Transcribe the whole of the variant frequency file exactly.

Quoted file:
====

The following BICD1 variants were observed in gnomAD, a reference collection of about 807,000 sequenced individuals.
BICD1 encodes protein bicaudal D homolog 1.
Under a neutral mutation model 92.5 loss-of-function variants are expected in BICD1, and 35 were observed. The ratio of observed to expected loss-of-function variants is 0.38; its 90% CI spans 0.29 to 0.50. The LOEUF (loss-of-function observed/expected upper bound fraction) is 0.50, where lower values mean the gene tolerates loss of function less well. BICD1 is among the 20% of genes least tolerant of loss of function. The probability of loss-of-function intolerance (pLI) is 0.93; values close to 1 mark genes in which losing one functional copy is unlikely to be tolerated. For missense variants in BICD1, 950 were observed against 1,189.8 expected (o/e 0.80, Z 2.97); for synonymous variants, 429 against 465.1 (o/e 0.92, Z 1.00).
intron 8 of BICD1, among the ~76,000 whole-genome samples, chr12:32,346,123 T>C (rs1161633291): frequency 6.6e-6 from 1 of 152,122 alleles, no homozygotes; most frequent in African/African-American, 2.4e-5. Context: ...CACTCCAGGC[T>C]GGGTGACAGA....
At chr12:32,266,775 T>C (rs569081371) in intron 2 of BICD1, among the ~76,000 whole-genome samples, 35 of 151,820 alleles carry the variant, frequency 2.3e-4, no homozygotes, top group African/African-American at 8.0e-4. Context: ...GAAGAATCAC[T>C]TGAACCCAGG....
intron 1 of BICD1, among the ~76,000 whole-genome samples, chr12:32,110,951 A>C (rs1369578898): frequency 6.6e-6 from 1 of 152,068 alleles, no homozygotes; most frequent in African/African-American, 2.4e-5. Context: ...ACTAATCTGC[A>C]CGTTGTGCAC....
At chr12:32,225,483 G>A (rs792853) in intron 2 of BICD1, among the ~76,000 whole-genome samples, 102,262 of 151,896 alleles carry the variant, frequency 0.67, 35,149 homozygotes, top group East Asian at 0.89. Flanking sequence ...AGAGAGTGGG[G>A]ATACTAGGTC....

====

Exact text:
The following BICD1 variants were observed in gnomAD, a reference collection of about 807,000 sequenced individuals.
BICD1 encodes protein bicaudal D homolog 1.
Under a neutral mutation model 92.5 loss-of-function variants are expected in BICD1, and 35 were observed. The ratio of observed to expected loss-of-function variants is 0.38; its 90% CI spans 0.29 to 0.50. The LOEUF (loss-of-function observed/expected upper bound fraction) is 0.50, where lower values mean the gene tolerates loss of function less well. BICD1 is among the 20% of genes least tolerant of loss of function. The probability of loss-of-function intolerance (pLI) is 0.93; values close to 1 mark genes in which losing one functional copy is unlikely to be tolerated. For missense variants in BICD1, 950 were observed against 1,189.8 expected (o/e 0.80, Z 2.97); for synonymous variants, 429 against 465.1 (o/e 0.92, Z 1.00).
intron 8 of BICD1, among the ~76,000 whole-genome samples, chr12:32,346,123 T>C (rs1161633291): frequency 6.6e-6 from 1 of 152,122 alleles, no homozygotes; most frequent in African/African-American, 2.4e-5. Context: ...CACTCCAGGC[T>C]GGGTGACAGA....
At chr12:32,266,775 T>C (rs569081371) in intron 2 of BICD1, among the ~76,000 whole-genome samples, 35 of 151,820 alleles carry the variant, frequency 2.3e-4, no homozygotes, top group African/African-American at 8.0e-4. Context: ...GAAGAATCAC[T>C]TGAACCCAGG....
intron 1 of BICD1, among the ~76,000 whole-genome samples, chr12:32,110,951 A>C (rs1369578898): frequency 6.6e-6 from 1 of 152,068 alleles, no homozygotes; most frequent in African/African-American, 2.4e-5. Context: ...ACTAATCTGC[A>C]CGTTGTGCAC....
At chr12:32,225,483 G>A (rs792853) in intron 2 of BICD1, among the ~76,000 whole-genome samples, 102,262 of 151,896 alleles carry the variant, frequency 0.67, 35,149 homozygotes, top group East Asian at 0.89. Flanking sequence ...AGAGAGTGGG[G>A]ATACTAGGTC....